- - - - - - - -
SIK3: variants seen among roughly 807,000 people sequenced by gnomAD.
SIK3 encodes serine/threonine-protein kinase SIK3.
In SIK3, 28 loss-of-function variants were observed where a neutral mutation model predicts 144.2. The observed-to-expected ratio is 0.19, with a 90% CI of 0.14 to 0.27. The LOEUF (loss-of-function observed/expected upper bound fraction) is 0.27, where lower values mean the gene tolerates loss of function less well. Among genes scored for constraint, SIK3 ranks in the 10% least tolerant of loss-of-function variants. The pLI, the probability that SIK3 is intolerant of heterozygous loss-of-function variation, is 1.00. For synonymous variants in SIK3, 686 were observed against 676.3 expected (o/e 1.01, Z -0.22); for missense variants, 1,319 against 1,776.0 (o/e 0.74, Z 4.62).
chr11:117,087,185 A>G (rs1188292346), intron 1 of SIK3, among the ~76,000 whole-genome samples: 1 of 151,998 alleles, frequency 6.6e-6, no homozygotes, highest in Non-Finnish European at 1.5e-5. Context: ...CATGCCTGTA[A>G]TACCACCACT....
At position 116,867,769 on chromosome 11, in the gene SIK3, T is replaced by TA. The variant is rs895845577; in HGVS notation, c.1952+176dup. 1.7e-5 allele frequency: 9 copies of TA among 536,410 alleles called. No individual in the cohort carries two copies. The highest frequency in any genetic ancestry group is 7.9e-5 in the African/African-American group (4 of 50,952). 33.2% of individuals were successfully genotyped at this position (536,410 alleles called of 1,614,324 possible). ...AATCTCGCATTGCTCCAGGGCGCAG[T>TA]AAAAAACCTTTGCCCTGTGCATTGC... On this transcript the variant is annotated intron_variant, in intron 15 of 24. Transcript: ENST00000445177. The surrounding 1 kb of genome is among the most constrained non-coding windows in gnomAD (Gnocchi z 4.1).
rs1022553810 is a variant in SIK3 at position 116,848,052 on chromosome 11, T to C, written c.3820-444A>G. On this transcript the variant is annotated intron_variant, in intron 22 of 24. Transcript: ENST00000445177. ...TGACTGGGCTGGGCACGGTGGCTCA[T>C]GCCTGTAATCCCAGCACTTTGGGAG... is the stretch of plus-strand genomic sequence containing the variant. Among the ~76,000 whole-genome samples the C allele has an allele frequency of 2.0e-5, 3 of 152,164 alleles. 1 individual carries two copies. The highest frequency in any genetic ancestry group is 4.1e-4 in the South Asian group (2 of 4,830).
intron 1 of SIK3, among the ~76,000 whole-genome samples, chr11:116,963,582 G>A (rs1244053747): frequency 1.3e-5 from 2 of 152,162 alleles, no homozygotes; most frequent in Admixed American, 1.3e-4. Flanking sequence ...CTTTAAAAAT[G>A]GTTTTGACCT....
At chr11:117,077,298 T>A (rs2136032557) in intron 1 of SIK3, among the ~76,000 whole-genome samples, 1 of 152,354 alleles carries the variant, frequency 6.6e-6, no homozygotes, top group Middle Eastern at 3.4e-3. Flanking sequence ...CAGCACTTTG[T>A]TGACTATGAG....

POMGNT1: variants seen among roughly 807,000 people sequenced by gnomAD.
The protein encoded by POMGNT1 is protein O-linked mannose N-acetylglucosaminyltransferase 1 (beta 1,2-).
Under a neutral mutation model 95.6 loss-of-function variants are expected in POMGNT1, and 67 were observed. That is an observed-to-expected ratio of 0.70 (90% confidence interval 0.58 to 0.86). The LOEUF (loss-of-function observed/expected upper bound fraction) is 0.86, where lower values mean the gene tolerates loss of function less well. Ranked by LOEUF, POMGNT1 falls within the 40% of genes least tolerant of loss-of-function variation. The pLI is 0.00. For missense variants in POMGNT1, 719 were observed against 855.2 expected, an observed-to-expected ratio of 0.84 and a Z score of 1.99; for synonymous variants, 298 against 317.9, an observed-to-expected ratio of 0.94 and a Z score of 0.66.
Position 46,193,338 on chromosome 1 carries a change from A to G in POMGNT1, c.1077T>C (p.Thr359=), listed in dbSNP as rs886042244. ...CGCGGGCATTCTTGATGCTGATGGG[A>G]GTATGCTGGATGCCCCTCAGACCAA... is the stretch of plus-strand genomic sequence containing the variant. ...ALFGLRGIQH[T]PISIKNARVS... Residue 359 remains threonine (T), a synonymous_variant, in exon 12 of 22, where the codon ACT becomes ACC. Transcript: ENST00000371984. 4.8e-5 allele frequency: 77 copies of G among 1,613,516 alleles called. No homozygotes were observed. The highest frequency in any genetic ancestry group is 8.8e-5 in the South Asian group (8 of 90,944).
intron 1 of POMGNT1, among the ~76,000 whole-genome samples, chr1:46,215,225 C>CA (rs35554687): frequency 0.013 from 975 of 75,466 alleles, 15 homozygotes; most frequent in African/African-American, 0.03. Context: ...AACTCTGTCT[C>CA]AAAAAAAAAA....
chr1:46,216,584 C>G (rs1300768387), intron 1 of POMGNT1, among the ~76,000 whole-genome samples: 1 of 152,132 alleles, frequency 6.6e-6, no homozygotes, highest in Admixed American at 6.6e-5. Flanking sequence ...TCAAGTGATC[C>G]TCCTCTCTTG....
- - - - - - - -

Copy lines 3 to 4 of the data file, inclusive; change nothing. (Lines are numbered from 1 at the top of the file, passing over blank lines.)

In SIK3, 28 loss-of-function variants were observed where a neutral mutation model predicts 144.2. The observed-to-expected ratio is 0.19, with a 90% CI of 0.14 to 0.27. The LOEUF (loss-of-function observed/expected upper bound fraction) is 0.27, where lower values mean the gene tolerates loss of function less well. Among genes scored for constraint, SIK3 ranks in the 10% least tolerant of loss-of-function variants. The pLI, the probability that SIK3 is intolerant of heterozygous loss-of-function variation, is 1.00. For synonymous variants in SIK3, 686 were observed against 676.3 expected (o/e 1.01, Z -0.22); for missense variants, 1,319 against 1,776.0 (o/e 0.74, Z 4.62).
chr11:117,087,185 A>G (rs1188292346), intron 1 of SIK3, among the ~76,000 whole-genome samples: 1 of 151,998 alleles, frequency 6.6e-6, no homozygotes, highest in Non-Finnish European at 1.5e-5. Context: ...CATGCCTGTA[A>G]TACCACCACT....